Alexandria Digital Research Library

Using Photoredox Catalysis to Expand Atom Transfer Radical Polymerizations and Radical Dehalogenations

Author:
Treat, Nicolas John
Degree Grantor:
University of California, Santa Barbara. Materials
Degree Supervisor:
Craig J. Hawker
Place of Publication:
[Santa Barbara, Calif.]
Publisher:
University of California, Santa Barbara
Creation Date:
2016
Issued Date:
2016
Topics:
Organic chemistry and Materials science
Genres:
Dissertations, Academic and Online resources
Dissertation:
Ph.D.--University of California, Santa Barbara, 2016
Description:

Developing methodology for both polymer and small molecule synthesis is tremendously valuable to society, as these methodologies lead to improvements in lifestyle. This can be observed in the fields of olefin polymerizations leading to low-cost plastics, or small molecule methodology allowing the synthesis of novel pharmaceuticals and additives for polymer processing. These chemical transformations have played a large role in the advancement of society.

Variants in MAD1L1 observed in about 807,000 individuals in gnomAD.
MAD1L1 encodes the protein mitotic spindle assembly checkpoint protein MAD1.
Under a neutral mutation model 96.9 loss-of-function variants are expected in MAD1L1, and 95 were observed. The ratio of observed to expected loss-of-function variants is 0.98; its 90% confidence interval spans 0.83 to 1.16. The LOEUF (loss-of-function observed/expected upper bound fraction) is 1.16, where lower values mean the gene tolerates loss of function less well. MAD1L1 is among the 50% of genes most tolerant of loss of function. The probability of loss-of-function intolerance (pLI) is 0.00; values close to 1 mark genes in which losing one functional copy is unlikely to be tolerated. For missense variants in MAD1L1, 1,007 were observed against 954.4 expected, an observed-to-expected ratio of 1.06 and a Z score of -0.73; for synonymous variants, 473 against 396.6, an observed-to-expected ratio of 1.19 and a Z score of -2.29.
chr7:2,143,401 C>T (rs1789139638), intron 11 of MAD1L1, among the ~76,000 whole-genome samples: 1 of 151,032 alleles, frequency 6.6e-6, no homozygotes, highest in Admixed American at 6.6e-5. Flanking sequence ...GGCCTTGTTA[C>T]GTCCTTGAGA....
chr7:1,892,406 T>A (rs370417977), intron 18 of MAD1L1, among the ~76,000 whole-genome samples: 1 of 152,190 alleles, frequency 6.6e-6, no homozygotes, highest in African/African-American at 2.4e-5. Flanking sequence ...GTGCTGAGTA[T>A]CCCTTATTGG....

A methodology that has been of particular interest in recent years is the field of photoredox chemistry, unlocking a variety of new chemical transformations under mild conditions. However, there remains a large area to explore with respect to applying photoredox catalysis towards controlled chain-growth polymerizations. This dissertation's focus is largely upon photoredox-based polymerizations, particularly in the area of atom transfer radical polymerizations (ATRP). Using photoredox chemistry allows an unprecedented level of temporal control over polymerization, and unlocks the ability to use metal-free catalysts to conduct ATRP. Further, metal-free photocatalysts identified for polymerization were also found to be useful for the development of reductive dehalogenations. The oxygen tolerant nature of metal-free ATRP was also examined, and structure-property relationships were explored with respect to the metal-free photocatalyst. Finally, a deeper mechanistic understanding of the system was developed, and used to alter polymerization properties.

Physical Description:
1 online resource (242 pages)
Format:
Text
Collection(s):
UCSB electronic theses and dissertations
ARK:
ark:/48907/f3hq4006
ISBN:
9781369147261
Catalog System Number:
990046969180203776
Rights:
Inc.icon only.dark In Copyright
Copyright Holder:
Nicolas Treat
File Description
Access: Public access
Treat_ucsb_0035D_13076.pdf pdf (Portable Document Format)